Final Fantasy VIII (E) (Disc 1) ISO
Sony Playstation / PSX PS1 ISOsGenre: Role-PlayingRating: ESRB: T, OFLC: M15+, CERO: B, PEGI: 16+
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Game Description & Reviews:
Ignore the above description, please. First of all, this is Final Fantasy 8, not 7. Second, whether the region code of a rom/iso isn't going to affect the lagginess/choppiness of a game, provided you're running it on an emulator that supports that region. The region will only affect whether or not the game plays; it won't affect the quality of the game. Any choppiness in the game will be a fault of the emulator and/or the graphics plugin. I pretty much have one plug-in for each of the Final Fantasy PSX games, since each one runs best with different settings and on a different emulator. Anyway, the game:
Final Fantasy 8 gets a lot of hate, because it devolves (or evolves, depending on your perspective) into little more than a love story around Disc 2. The "big bad guy" consistently changes, and the result is that each disc is pretty much dedicated to taking down a different bad guy. This wasn't a problem for me, nor was the fact that it's 90% a love story between Squall and Rinoa. The love story, though it gets really, really out there (literally, out there in space), is done exceptionally well, and if you aren't careful, you may find yourself falling in love with Rinoa yourself.
Like the other PSX FF games, 8 has its own unique Ability/Class system, and 8's revolves around Guardian Forces, called GFs. They're Summons from 7/Espers from 6/Phantom Beasts from 4. You equip them to characters as though they were equipment, and the GF levels and gains new abilities to AP that you can then add to your character.
For example, Ifrit allows you to Junction magic spells to your Strength stat after 80 or so AP is earned. By navigating through menus and junctioning, say, Ultima to your Strength, your Strength score will increase. Because of all the ways you can modify your characters by junctioning GFs and Magic, Equipment takes a seat at the very back of the bus and is barely present at all. Not only do you upgrade weapons (similar to Synthesis shops in IX, but requiring items like Screws and stuff), but most of the time the stuff you need is extremely rare or must be stolen, so if you don't have a guide, you're likely to finish the game with your starting weapons. If I remember correctly, there's no armor in the game at all.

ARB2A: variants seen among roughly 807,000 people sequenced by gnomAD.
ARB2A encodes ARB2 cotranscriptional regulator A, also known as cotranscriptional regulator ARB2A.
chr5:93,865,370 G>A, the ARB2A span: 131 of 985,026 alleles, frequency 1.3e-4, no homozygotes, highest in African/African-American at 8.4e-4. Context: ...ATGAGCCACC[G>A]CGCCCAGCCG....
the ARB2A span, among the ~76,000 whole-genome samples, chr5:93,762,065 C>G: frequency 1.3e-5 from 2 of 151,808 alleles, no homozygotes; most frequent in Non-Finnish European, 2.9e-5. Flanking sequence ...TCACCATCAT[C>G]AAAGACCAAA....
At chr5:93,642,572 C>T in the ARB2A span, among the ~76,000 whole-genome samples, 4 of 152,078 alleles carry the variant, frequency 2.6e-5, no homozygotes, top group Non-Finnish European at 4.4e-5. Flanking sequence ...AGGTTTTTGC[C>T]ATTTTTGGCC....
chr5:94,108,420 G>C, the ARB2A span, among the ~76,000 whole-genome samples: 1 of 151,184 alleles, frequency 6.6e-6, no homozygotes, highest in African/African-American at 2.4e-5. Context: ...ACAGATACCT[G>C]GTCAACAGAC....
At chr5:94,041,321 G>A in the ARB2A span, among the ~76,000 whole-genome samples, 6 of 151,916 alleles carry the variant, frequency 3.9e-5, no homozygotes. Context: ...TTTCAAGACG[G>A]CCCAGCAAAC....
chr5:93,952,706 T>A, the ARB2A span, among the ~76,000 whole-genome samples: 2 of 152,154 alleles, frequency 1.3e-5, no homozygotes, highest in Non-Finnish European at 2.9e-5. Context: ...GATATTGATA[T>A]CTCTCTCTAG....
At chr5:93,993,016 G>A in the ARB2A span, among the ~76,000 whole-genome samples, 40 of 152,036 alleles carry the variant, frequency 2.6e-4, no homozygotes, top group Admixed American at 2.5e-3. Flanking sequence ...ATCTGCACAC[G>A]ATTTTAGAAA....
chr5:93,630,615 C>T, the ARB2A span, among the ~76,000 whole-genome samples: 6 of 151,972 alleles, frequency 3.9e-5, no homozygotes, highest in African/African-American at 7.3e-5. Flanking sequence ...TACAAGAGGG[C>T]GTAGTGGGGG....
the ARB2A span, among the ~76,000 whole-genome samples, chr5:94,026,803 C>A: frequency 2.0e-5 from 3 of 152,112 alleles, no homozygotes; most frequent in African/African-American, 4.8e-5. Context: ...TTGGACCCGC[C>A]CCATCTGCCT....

Unlike other FF games, you do not earn Gil from battles. Instead, you'll periodically receive Gil based on your SeeD level. Your SeeD level is an amalgamation of how well you do in the game (different missions will affect your SeeD level, so if you do good, your SeeD level will increase) and how well you know the game (you can take Tests through the menu that will raise your SeeD level upon successful completion--there are plenty of guides online to the tests, but since they're all True/False, it's not hard to just use process of elimination to pass them all).
Final Fantasy 8 has remarkably few sidequests in comparison to 7 or 9, but it does have Triple Triad, which is the best card game that Squaresoft (later Square-Enix) has ever put into a game. They could have just released a GBA game called "Triple Triad" and plenty of people would have bought it. The rules aren't as complex as the card game of 9's, but this also means that you can actually understand the rules. Last time I checked, no one had yet figured out the underlying formulas/rules of 9's card game.
If you're on a quest to experience (or re-experience) these classic games that people frequently list as the best ever made, then this should definitely be your second choice from the Final Fantasy series. Final Fantasy VI (6), of course, should be your first choice, as it's easily the best of the bunch (and 7 is basically a carbon-copy of 6 that is only expanded for the more-capable PSX, modified characters, and a slightly modified [only slightly] class/ability system). I wouldn't go so far as to say that VIII is the second-best of them, but it allows for FULL customisation of your characters, and is hands-down better than 9, since FF9 began the process of destroying the consequences of player choices in abilities. Avoid FF1 and FF2--they were good for their time, but they're so deprecated now that you'd be better off just banging your head against a wall while someone reads you various Japanglish sentences.
Played this on the HTC evo 4g and it was pretty laggie. I was running it using the Psx4drid with defult settings and it was running at 50fps. If you want to play FF7 play with the NTSC-U version.
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